By Norman R. Pace, David A. Stahl, David J. Lane (auth.), K. C. Marshall (eds.)
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Failure to accomplish this results in confusion of evolution within the gene family with the evolution of the organisms. Of the rRNAs, only the 5S rRNA appears to present this difficulty; as noted above, significantly different sequences can be found in a single organism. Minor heterogeneity in the high-molecular-weight rRNAs commonly occurs, but the number of sequence position changes does not significantly disturb phylogenetic calculations. However, as the rRNAs from additional organisms are characterized, one must remain aware of the possibility of this complication.
Hybridization of an organism-specific sequence to bulk DNA derived from the natural sample then is a measure of the abundance of that gene in the original population. Hybridization of one of the above-mentioned oligonucleotide primers, complementary to all 16S genes so far as we know, provides an estimate of total rDNA present. The specific/total rDNA ratio really is only an approximate estimate of relative cell numbers, since rRNA gene copy numbers vary in different organisms. The inspected archaebacteria, for instance, have single copies of the rRNA genes; eubacteria commonly have 5-10 rDNA copies; and eucaryotes may have hundreds.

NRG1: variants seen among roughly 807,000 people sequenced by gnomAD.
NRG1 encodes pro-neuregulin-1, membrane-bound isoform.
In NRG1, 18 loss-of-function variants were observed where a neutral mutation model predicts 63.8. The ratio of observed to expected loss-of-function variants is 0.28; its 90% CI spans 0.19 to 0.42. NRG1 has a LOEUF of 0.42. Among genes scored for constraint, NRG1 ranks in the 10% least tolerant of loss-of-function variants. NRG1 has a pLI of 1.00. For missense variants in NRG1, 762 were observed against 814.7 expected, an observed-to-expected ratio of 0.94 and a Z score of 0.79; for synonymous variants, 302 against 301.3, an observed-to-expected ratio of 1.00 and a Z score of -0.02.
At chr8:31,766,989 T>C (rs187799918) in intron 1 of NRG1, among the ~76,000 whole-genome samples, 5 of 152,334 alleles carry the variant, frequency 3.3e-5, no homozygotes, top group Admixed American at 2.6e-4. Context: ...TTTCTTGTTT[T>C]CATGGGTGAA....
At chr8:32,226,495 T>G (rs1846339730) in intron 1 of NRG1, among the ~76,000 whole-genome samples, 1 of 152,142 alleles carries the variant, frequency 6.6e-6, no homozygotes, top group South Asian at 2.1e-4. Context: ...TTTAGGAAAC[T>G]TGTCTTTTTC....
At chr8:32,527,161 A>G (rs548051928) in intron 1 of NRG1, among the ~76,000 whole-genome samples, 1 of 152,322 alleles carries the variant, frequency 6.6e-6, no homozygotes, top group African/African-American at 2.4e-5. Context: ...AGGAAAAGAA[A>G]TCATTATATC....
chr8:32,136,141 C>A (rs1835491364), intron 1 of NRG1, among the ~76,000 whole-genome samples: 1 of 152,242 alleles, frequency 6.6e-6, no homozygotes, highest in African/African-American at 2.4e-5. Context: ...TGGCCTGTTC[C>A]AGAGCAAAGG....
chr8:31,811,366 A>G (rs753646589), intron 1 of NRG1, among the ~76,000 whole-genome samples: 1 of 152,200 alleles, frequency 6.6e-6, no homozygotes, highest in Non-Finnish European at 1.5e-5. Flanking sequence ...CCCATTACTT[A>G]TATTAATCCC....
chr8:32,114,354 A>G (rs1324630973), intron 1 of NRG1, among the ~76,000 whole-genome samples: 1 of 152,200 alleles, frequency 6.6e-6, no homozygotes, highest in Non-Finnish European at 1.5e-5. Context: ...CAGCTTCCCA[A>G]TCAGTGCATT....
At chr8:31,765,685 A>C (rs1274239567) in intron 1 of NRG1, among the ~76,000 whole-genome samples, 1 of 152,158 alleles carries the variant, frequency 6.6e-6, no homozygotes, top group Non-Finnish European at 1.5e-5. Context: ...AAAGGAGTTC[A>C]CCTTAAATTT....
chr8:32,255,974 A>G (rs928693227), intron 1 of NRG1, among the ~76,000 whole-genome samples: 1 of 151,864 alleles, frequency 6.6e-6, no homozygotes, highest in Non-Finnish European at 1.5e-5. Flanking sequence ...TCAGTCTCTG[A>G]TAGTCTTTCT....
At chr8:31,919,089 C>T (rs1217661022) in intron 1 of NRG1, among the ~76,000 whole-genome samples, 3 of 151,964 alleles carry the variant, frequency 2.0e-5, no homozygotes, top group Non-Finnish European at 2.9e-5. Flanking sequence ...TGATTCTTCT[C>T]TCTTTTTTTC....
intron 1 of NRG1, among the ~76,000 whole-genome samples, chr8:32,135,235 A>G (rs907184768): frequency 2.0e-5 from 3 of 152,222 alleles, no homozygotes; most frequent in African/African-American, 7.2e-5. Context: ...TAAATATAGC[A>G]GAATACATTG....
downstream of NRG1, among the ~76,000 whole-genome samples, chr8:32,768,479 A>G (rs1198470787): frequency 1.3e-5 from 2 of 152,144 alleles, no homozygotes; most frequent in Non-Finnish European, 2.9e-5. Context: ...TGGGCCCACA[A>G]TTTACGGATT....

An examination ofthis is shown in Fig. 8. Here, base-fragmented and labeled 16S rRNAs from the aforementioned kingdom representatives are hybridized individually, under conditions oflow stringency, to cloned DNA containing the smallsubunit rRNA genes of Paramecium, Trypanosoma, Rattus, Dictyostelium, Escherichia coli, and Sulfolobus solfataricus. Conditions -for lowstringency hybridization have been optimized to reduce background hybridization to nonribosomal DNA; this is represented by the combined "plus strand" DNA target.
Advances in Microbial Ecology by Norman R. Pace, David A. Stahl, David J. Lane (auth.), K. C. Marshall (eds.)